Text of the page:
JCC Chicago’s Shabbat on the Lake. Photo credit: Mishkan Chicago
The last gasp of summer is upon us, so I'm making it my business to get outside and enjoy as many activities "al fresco" as I can before the blustery winter weather inevitably makes its sinister return (Sorry, not a winter fan).
In that vein, I went to a lovely outdoor gathering last week: JCC Chicago's Shabbat on the Lake. As I rounded the corner and walked along Lake Shore Drive toward Diversey Parkway, it dawned on me that it's been quite a long time since my last Shabbat celebration. I was a casual Hillel attendee in college, enjoyed some Shabbat festivities when I lived in France, but a gathering with approximately 500 Jews on a Friday night isn't anything I'd ever experienced. I felt a slight shiver of trepidation, but as I saw the event sprawling out of the welcoming crowd in a lush green park, I advanced with a spring in my step and geared myself up to shmooze.
The setting sun cast a lovely glow on the festivities. As I gathered my bearings and scoped out the scene, I noticed a drum circle to my left, a few discussion groups scattered about and some pre-Sabbath yoga to boot. I'd shown up after work -- a.k.a. blue jeans, semi-cute top, potentially disastrous hair -- while most people were dressed neatly in outdoor-ready synagogue attire.
Seeing circles of friends congregate around the park, I couldn't help but think this little gathering resembled a hive of bees. Productive, chattering, buzzing -- filling the area with warmth and activity. Fun fact: Dreaming about bees can symbolize a moment in your life when you're particularly social, when you are balancing a lot of interactions at once. Whether or not that's entirely accurate, it's hard to be sure. In any event, it's a fitting metaphor, don't you think? After prayers were said and dinner devoured, a quiet hum fell over the crowd, the evening easing into a state of blissful contentment.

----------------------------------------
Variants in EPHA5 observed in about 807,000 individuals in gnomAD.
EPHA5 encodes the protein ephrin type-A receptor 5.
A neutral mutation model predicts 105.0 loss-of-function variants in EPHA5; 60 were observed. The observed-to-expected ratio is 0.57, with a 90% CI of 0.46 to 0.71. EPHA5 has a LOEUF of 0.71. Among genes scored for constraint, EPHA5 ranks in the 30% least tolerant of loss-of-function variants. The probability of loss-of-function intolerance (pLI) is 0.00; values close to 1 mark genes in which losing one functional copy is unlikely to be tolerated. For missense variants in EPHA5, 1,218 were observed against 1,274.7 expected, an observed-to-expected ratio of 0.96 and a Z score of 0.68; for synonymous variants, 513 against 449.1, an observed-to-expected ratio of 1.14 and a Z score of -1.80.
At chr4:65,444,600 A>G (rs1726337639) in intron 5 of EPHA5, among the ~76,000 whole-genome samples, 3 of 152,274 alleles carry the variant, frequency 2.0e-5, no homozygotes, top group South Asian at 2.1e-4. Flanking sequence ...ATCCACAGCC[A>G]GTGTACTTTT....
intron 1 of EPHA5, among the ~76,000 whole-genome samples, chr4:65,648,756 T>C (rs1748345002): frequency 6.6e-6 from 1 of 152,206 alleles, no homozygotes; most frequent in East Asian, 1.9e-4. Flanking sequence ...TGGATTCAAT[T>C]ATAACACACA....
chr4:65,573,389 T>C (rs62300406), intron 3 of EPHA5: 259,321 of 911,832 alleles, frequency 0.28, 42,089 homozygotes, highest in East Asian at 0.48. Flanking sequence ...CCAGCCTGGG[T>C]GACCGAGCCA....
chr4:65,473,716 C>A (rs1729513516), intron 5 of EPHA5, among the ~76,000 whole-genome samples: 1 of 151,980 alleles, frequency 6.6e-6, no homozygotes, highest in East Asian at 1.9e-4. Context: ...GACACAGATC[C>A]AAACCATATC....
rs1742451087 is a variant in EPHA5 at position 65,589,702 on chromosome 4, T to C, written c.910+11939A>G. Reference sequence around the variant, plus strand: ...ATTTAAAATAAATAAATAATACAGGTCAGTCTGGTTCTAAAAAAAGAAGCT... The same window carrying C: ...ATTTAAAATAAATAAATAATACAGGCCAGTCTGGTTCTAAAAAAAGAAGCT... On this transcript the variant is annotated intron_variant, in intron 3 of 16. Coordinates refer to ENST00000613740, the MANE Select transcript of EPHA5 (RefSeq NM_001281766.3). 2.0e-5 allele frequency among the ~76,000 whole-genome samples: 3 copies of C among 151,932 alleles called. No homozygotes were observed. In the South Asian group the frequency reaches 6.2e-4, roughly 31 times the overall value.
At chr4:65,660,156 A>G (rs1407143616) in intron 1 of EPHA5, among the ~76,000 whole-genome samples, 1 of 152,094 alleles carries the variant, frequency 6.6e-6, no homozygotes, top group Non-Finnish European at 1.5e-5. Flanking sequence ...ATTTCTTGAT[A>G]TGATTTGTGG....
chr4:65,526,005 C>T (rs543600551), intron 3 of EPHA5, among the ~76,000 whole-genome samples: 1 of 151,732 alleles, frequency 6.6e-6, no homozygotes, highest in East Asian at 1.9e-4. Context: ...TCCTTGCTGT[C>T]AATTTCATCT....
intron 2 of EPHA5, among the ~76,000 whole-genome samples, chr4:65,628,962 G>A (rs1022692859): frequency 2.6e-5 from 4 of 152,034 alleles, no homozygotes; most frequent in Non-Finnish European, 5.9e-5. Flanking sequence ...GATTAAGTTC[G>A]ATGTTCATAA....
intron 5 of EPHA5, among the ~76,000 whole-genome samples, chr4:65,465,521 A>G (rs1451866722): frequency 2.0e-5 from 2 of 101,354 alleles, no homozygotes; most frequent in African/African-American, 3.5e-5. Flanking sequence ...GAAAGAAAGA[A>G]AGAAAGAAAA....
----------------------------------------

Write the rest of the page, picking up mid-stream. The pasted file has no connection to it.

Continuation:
What I love about going to events like this one is that you never know just whom you might run into. The friend who invited me is a sorority sister. As soon as I arrived, I was joined by my friend, her sister and a healthy smattering of fellow University of Illinois grads. We were quickly joined by her boyfriend, his friends from the local Hillel, Israelis visiting, working and enjoying Chicago, and so on. I spotted friends from college, random acquaintances from high school and I even bumped into a friend from my French conversation group.
It's gatherings like this that remind me: no matter how large a city can feel, a sense of belonging to a community can make the world seem small.
Another college chum is a recently ordained rabbi settling into her new post in Chicago. She put out a call for ideas on how to reach out to people our age, not quite just out of school, but who want to be engaged with Judaism in a way that is comfortable for them and suits their lifestyle. I'm excited to hear what my friends will have to say.
What suits me is taking a moment to engage in Judaism in a way that doesn't feel forced. Something that isn't necessarily focused on "meeting singles" (even though those events are pretty fun, too) is a breath of fresh air. As the High Holidays approach, it feels like a mighty fine time to delve into what it means to be a participant in the community for me, and how I'd like to get involved in the future.